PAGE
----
Attempts at fraud via email are constantly evolving. One method that has increased is whaling, which is a kind of spear phishing. The term whaling refers to how the fraudsters target the biggest fish. In practice, this means that decision-makers and people high up in the hierarchy are defrauded in various ways.

Phishing began where mass mail was sent to as many people as possible in the hope that lots of people would be fooled. Phishing has since evolved and now attempts to trick specific people or functions.

Pretending to be a manager in need

Whaling is a form of targeted attack where the fraudster poses as a manager or senior person. For instance, it may be an attempt to make it look like your boss is at the airport and needs money transferred immediately.

The aim is usually the same in all these types of email fraud attempts: to trick the user into handing over something of value. A password, bank account details or money, for example.

Uppsala University, banks and other organisations will not ask you for valuable documents via email. You should always be suspicious of this type of request, especially if it is claimed to be urgent.

Several employees affected

The number of fraud attempts that aim to trick employees into helping a vulnerable manager/head of department/professor has increased, and unfortunately several employees have lost quite a lot of money.

“There is nothing we can do as an authority, even though a lot of money may be involved for individual employees. The fraudsters have accessed private funds, so this is not something that the authority can deal with,” says Veronika Berglund, head of information security at the university administration.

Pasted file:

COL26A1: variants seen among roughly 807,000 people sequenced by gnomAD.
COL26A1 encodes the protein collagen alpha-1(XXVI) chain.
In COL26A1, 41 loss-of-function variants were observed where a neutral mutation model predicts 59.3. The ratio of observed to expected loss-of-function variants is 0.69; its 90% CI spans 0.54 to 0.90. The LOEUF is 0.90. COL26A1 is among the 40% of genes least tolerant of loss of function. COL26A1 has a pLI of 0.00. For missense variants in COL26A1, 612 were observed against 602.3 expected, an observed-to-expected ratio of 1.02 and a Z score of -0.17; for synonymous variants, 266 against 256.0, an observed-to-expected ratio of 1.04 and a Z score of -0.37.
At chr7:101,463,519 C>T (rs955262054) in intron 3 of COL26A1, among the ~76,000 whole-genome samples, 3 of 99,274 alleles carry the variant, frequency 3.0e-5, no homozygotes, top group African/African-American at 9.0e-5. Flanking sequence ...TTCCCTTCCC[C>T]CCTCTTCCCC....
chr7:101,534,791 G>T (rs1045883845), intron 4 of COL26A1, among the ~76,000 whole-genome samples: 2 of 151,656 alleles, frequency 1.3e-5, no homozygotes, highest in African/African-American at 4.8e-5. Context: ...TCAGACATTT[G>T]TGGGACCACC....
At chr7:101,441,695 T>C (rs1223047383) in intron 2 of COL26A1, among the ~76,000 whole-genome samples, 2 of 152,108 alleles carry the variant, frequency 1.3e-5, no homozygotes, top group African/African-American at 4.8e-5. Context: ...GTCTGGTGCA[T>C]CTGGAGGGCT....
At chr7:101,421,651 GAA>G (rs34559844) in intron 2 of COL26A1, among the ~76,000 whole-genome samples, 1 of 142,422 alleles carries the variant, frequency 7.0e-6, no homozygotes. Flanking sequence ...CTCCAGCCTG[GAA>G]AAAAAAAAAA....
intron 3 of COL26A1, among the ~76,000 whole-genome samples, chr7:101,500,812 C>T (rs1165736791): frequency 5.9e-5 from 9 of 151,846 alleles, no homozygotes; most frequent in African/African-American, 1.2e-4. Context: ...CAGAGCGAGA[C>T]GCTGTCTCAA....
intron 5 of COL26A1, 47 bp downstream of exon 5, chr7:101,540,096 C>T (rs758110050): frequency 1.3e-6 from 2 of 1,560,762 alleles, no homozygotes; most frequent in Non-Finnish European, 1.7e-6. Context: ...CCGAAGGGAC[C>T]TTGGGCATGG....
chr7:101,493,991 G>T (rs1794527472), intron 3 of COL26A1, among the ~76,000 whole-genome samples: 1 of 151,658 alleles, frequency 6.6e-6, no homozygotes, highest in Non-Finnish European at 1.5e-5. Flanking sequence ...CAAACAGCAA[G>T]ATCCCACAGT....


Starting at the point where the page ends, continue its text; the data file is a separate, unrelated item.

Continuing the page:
If you are the victim of such fraud, you are advised to report the incident to the police immediately and then contact your insurance company and bank to see whether compensation is available.

Be suspicious

– You should always be suspicious of any email containing links or attachments that you are not expecting or that claim to be urgent; gift cards, invoices, allegedly full email inboxes or messages from superiors requesting financial assistance, for instance.

Do not use contact details or links that you find in an email unless you are absolutely certain that the sender and the email are authentic. If an email seems odd, do not click on any links, do not open attachments, do not call or text phone numbers in the email. Do not reply to the message either.

Instead, send the suspicious email with attachments to the security department at the university administration. The security department will check whether the message is valid and advise you on possible action.